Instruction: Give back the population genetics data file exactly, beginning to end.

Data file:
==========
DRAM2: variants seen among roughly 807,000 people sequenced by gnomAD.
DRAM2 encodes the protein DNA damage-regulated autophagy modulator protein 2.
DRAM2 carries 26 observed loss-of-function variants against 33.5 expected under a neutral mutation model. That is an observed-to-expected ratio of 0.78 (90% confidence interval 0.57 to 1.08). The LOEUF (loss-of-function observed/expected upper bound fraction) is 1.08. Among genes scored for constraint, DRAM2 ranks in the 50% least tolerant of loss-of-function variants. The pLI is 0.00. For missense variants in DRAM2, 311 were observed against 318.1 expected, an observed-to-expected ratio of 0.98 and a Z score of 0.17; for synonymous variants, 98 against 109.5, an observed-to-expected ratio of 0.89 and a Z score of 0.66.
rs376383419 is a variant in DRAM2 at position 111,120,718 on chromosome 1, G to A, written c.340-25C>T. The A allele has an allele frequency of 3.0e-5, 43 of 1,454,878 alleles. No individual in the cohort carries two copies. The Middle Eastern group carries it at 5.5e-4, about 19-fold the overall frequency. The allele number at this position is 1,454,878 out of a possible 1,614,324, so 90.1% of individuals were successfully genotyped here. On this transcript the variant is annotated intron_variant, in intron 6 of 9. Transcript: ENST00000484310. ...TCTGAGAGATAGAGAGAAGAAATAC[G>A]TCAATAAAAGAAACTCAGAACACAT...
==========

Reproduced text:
DRAM2: variants seen among roughly 807,000 people sequenced by gnomAD.
DRAM2 encodes the protein DNA damage-regulated autophagy modulator protein 2.
DRAM2 carries 26 observed loss-of-function variants against 33.5 expected under a neutral mutation model. That is an observed-to-expected ratio of 0.78 (90% confidence interval 0.57 to 1.08). The LOEUF (loss-of-function observed/expected upper bound fraction) is 1.08. Among genes scored for constraint, DRAM2 ranks in the 50% least tolerant of loss-of-function variants. The pLI is 0.00. For missense variants in DRAM2, 311 were observed against 318.1 expected, an observed-to-expected ratio of 0.98 and a Z score of 0.17; for synonymous variants, 98 against 109.5, an observed-to-expected ratio of 0.89 and a Z score of 0.66.
rs376383419 is a variant in DRAM2 at position 111,120,718 on chromosome 1, G to A, written c.340-25C>T. The A allele has an allele frequency of 3.0e-5, 43 of 1,454,878 alleles. No individual in the cohort carries two copies. The Middle Eastern group carries it at 5.5e-4, about 19-fold the overall frequency. The allele number at this position is 1,454,878 out of a possible 1,614,324, so 90.1% of individuals were successfully genotyped here. On this transcript the variant is annotated intron_variant, in intron 6 of 9. Transcript: ENST00000484310. ...TCTGAGAGATAGAGAGAAGAAATAC[G>A]TCAATAAAAGAAACTCAGAACACAT...